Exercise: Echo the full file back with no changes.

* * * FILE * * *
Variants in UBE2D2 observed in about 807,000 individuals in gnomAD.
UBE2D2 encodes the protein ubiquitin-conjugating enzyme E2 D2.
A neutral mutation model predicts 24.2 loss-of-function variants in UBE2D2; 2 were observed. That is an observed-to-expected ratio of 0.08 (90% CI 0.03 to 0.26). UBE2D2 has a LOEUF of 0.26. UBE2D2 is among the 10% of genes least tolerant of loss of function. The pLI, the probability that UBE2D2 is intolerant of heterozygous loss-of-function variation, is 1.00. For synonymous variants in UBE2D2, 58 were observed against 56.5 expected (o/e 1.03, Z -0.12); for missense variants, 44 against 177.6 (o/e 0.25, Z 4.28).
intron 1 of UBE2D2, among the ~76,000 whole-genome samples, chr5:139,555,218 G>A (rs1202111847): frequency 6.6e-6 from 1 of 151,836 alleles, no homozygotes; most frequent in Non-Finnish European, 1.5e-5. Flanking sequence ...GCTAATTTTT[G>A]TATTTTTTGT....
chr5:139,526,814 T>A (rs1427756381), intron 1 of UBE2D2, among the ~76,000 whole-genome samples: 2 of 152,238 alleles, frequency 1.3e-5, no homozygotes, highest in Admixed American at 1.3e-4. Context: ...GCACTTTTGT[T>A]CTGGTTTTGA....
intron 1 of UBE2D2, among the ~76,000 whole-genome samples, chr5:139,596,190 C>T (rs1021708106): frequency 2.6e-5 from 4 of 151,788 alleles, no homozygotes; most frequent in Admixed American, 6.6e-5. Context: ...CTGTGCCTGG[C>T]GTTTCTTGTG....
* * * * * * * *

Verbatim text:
Variants in UBE2D2 observed in about 807,000 individuals in gnomAD.
UBE2D2 encodes the protein ubiquitin-conjugating enzyme E2 D2.
A neutral mutation model predicts 24.2 loss-of-function variants in UBE2D2; 2 were observed. That is an observed-to-expected ratio of 0.08 (90% CI 0.03 to 0.26). UBE2D2 has a LOEUF of 0.26. UBE2D2 is among the 10% of genes least tolerant of loss of function. The pLI, the probability that UBE2D2 is intolerant of heterozygous loss-of-function variation, is 1.00. For synonymous variants in UBE2D2, 58 were observed against 56.5 expected (o/e 1.03, Z -0.12); for missense variants, 44 against 177.6 (o/e 0.25, Z 4.28).
intron 1 of UBE2D2, among the ~76,000 whole-genome samples, chr5:139,555,218 G>A (rs1202111847): frequency 6.6e-6 from 1 of 151,836 alleles, no homozygotes; most frequent in Non-Finnish European, 1.5e-5. Flanking sequence ...GCTAATTTTT[G>A]TATTTTTTGT....
chr5:139,526,814 T>A (rs1427756381), intron 1 of UBE2D2, among the ~76,000 whole-genome samples: 2 of 152,238 alleles, frequency 1.3e-5, no homozygotes, highest in Admixed American at 1.3e-4. Context: ...GCACTTTTGT[T>A]CTGGTTTTGA....
intron 1 of UBE2D2, among the ~76,000 whole-genome samples, chr5:139,596,190 C>T (rs1021708106): frequency 2.6e-5 from 4 of 151,788 alleles, no homozygotes; most frequent in Admixed American, 6.6e-5. Context: ...CTGTGCCTGG[C>T]GTTTCTTGTG....